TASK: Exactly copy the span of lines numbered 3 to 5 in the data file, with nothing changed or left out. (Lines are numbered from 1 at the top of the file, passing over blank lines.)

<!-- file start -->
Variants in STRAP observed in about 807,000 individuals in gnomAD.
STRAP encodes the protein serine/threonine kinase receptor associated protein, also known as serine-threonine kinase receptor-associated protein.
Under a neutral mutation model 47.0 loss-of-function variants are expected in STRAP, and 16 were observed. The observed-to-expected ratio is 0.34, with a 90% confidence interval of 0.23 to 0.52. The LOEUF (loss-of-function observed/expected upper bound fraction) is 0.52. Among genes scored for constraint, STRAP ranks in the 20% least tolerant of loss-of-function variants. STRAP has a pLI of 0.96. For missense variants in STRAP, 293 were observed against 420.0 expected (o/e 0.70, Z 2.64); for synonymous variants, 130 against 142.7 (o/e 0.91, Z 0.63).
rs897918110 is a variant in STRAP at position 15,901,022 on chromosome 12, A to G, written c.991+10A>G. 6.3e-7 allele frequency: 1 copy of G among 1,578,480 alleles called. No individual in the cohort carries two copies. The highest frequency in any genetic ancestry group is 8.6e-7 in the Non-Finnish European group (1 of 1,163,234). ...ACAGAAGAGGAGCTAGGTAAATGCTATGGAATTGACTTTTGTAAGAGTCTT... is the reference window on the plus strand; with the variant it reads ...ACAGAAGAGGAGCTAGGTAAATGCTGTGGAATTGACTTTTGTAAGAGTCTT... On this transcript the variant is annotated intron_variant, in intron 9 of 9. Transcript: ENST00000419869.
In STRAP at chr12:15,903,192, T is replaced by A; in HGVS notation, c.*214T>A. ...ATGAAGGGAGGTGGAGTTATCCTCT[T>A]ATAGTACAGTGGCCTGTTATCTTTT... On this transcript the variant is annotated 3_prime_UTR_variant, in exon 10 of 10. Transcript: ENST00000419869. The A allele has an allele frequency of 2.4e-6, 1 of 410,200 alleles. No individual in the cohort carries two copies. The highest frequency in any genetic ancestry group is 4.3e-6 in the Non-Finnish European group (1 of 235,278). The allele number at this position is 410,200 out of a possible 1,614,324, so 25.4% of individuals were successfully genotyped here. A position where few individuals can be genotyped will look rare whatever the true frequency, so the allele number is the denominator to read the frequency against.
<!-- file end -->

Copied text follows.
Under a neutral mutation model 47.0 loss-of-function variants are expected in STRAP, and 16 were observed. The observed-to-expected ratio is 0.34, with a 90% confidence interval of 0.23 to 0.52. The LOEUF (loss-of-function observed/expected upper bound fraction) is 0.52. Among genes scored for constraint, STRAP ranks in the 20% least tolerant of loss-of-function variants. STRAP has a pLI of 0.96. For missense variants in STRAP, 293 were observed against 420.0 expected (o/e 0.70, Z 2.64); for synonymous variants, 130 against 142.7 (o/e 0.91, Z 0.63).
rs897918110 is a variant in STRAP at position 15,901,022 on chromosome 12, A to G, written c.991+10A>G. 6.3e-7 allele frequency: 1 copy of G among 1,578,480 alleles called. No individual in the cohort carries two copies. The highest frequency in any genetic ancestry group is 8.6e-7 in the Non-Finnish European group (1 of 1,163,234). ...ACAGAAGAGGAGCTAGGTAAATGCTATGGAATTGACTTTTGTAAGAGTCTT... is the reference window on the plus strand; with the variant it reads ...ACAGAAGAGGAGCTAGGTAAATGCTGTGGAATTGACTTTTGTAAGAGTCTT... On this transcript the variant is annotated intron_variant, in intron 9 of 9. Transcript: ENST00000419869.
In STRAP at chr12:15,903,192, T is replaced by A; in HGVS notation, c.*214T>A. ...ATGAAGGGAGGTGGAGTTATCCTCT[T>A]ATAGTACAGTGGCCTGTTATCTTTT... On this transcript the variant is annotated 3_prime_UTR_variant, in exon 10 of 10. Transcript: ENST00000419869. The A allele has an allele frequency of 2.4e-6, 1 of 410,200 alleles. No individual in the cohort carries two copies. The highest frequency in any genetic ancestry group is 4.3e-6 in the Non-Finnish European group (1 of 235,278). The allele number at this position is 410,200 out of a possible 1,614,324, so 25.4% of individuals were successfully genotyped here. A position where few individuals can be genotyped will look rare whatever the true frequency, so the allele number is the denominator to read the frequency against.